ScalaFP: Understanding Monoids In Scala Pragmatically

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As we discussed in our previous post, Monoids are semigroups meaning they have properties called closure and associative, along with identity element. So, now our question is, why do we require the identity element? Let’s add this one to our questions which were remaining from our previous post, :

  1. How can we use monoids with Scala?

  2. Where do we require Monoids?

Now let’s answer these questions one by one.

Q. Why do we require the identity element?

Ans: As we have an idea by now that the monoids perform binary operations on the similar type of elements and return the similar type of result. In our semigroups example, we were dealing with case class Money. Let’s suppose, we have a list of elements, i.e money: List[Money]. Now, the company wants to know the total expenses, which they spent in the last financial year. The simple algorithm for that is to add all the money elements available in the list and return the total.

val lastYearExpenses = List(Money(3, 4), Money(34, 5), Money(12, 0))

The requirements here suggest that we will be requiring monoids structure. We require to combine all the money elements one by one and will be returning the total money. So, how can we do that?

Scala collections have a beautiful method or in layman term tools called “fold“, “foldLeft” and “foldRight“. But if we look into the implementation of these methods, they require accumulator for performing these operations. The accumulator is based on the collection element, from where they start to perform the operations. In our case, we have the custom type, Money, that means, we need to define our accumulator based on our money type.

def empty: Money = Money(0, 0)

We know, in monoids, identity element means the element is selected based on the operation and in our case, we need to perform addition(+), so, we have Money(0, 0) as per our identity element requirements. If we look into this code, this helps us to define accumulator for our fold[x] methods.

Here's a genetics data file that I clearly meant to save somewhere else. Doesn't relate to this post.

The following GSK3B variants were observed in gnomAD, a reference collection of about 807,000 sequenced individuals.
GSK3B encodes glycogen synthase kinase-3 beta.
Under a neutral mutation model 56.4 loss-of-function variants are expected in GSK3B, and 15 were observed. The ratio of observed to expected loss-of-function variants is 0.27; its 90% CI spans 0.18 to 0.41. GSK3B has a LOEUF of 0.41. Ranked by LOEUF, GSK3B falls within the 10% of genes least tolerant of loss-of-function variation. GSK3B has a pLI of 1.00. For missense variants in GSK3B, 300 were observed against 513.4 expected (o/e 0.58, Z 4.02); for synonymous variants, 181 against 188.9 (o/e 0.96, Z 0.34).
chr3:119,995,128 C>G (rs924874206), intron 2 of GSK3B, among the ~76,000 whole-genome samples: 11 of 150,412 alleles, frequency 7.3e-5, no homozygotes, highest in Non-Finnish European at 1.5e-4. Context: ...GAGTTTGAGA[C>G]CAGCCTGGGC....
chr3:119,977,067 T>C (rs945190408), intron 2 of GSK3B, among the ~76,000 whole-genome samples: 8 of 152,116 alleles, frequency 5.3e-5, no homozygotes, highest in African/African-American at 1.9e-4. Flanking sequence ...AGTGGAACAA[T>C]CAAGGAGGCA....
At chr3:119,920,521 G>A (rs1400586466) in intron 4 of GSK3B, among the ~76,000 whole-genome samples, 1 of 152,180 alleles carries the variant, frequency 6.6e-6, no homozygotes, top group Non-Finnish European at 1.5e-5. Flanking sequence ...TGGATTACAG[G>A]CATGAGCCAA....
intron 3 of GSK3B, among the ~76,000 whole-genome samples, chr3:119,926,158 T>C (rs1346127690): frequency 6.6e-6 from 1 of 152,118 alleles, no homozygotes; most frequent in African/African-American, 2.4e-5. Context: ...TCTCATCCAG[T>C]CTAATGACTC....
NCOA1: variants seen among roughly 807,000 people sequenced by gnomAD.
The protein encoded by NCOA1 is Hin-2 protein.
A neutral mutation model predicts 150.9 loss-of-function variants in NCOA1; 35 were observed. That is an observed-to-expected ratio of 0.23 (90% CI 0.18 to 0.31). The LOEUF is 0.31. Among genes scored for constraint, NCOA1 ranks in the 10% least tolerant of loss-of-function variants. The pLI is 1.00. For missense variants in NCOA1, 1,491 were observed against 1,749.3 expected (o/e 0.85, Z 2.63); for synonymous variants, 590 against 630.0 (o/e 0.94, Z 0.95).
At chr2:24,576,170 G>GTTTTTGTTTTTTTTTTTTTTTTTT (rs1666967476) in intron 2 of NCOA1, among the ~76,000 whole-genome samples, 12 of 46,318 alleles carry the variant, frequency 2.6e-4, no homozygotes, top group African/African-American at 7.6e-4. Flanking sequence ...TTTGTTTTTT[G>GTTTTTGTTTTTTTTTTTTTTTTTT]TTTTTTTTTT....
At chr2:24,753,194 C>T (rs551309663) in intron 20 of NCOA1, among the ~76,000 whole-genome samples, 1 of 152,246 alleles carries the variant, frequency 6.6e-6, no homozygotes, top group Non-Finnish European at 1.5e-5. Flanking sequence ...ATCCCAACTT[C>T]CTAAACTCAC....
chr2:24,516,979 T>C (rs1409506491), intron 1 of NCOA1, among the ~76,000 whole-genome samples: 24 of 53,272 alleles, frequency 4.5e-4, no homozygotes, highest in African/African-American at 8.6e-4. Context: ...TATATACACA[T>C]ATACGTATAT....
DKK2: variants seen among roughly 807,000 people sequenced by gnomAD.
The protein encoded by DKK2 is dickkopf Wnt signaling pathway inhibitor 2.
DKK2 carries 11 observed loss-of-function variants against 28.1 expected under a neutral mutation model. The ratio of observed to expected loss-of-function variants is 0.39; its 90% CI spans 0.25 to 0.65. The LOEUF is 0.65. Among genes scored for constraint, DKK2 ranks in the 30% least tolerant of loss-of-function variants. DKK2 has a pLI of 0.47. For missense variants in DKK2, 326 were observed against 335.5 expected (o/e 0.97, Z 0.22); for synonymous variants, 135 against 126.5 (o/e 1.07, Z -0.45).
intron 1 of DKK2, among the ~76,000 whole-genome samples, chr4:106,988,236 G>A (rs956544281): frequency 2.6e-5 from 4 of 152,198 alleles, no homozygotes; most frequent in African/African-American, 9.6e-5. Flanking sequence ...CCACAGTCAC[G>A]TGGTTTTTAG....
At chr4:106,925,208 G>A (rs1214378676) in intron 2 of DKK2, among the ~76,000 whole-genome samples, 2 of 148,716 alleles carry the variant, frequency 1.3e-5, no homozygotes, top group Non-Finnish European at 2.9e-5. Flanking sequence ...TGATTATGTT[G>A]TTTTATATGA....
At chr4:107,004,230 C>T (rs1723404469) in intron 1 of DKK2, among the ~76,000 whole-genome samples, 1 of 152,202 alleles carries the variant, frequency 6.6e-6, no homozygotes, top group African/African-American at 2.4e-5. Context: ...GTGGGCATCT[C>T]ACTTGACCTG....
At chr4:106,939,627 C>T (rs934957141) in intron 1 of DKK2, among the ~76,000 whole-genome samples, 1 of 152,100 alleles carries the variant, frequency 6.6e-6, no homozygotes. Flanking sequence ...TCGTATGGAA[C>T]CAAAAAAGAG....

By using, identity element, we can easily declare an accumulator and perform the operation. The full code example is added below:

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import cats.kernel.Monoid
object Example1Monoid extends App with Data {
implicit val moneyMonoid = new Monoid[Money] {
override def empty: Money = Money(0, 0)
override def combine(x: Money, y: Money): Money = {
Money(x.dollars + y.dollars + ((x.cents + y.cents) / 100),
(x.cents + y.cents) % 100)
val lastYearExpenses = List(Money(3, 4), Money(34, 5), Money(12, 0))
def totalAllExpenses(expenses: List[Money])(implicit m: Monoid[Money]): Money = {
case (acc, money) => m.combine(acc, money)
println(s"LastYearExpenses : ${totalAllExpenses(lastYearExpenses)}")
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Now let’s jump to the second question :
Q. How can we use monoids with Scala?

Ans: Using monoids with Scala depends on your requirements. Scala has multiple third-party libraries like Scalaz, Scala-cats, twitter algebird etc . which can be used based on your requirements. You can also create your own abstract layer for monoids and semigroups as well.

Now to answer the last Question :
Q. Where we require Monoids?

Ans: Using this totally depends on your requirements, because sometimes, during designing our domain, we need to identify which type of operations we need to perform.

Like twitter algebird library is used to perform algebraic operations with the help of predefined constructs like monoids, semigroups and more. One of the construct in algebird is Max.
Max is similar to the max function in Int class in scala library.
Let’s try to understand it with the example:

scala> 13 max 2 max 90 max 14 
res0: Int = 90

Max is used for selecting the element with maximum weight from the sequence of elements. In algebird, Max creates monoids for performing this operation internally which you can refer here. Today we will be trying to perform the same thing, but with the help of scala-cats monoids.

Problem Statement :
Suppose we have a popularity contest on Twitter. The user with the most followers wins! Let’s try to figure out the code using Scala Cats :

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object Example1Monoid extends App {
case class TwitterUser(username: String, followers: Int) extends Ordered[TwitterUser] {
override def compare(that: TwitterUser): Int = {
val c = this.followers that.followers
if(c == 0) this.username.compareTo(that.username) else c
implicit val twitterUserMonoid = new Monoid[TwitterUser] {
override def empty: TwitterUser = TwitterUser("MinUser", Int.MinValue)
override def combine(x: TwitterUser, y: TwitterUser): TwitterUser = {
if(x.compareTo(y) >= 1) x else y
case class Max(user: TwitterUser) {
def +(usr: Max)(implicit m: Monoid[TwitterUser]): Max = {
Max(m.combine(this.user, usr.user))
val harmeetsingh = TwitterUser("singh_harmeet13", 132)
val knoldus = TwitterUser("knolspeak", 575)
val vikas = TwitterUser("vhazrati", 387)
val dzone = TwitterUser("dzone", 10640)
val scala = TwitterUser("scala_lang", 20421)
val winner: Max = Max(harmeetsingh) + Max(knoldus) + Max(vikas) + Max(dzone) + Max(scala)
println(s"Winner Is: $winner")
assert(winner.user == scala)
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Now that we are through with these examples, I hope you have some decent idea of using monoids pragmatically. Please feel free to comments and give suggestions.




Written by 

Harmeet Singh is a lead consultant, with experience of more than 5 years. He has expertise in Scala, Java, JVM, and functional programming. On a personal front; he is a food lover.

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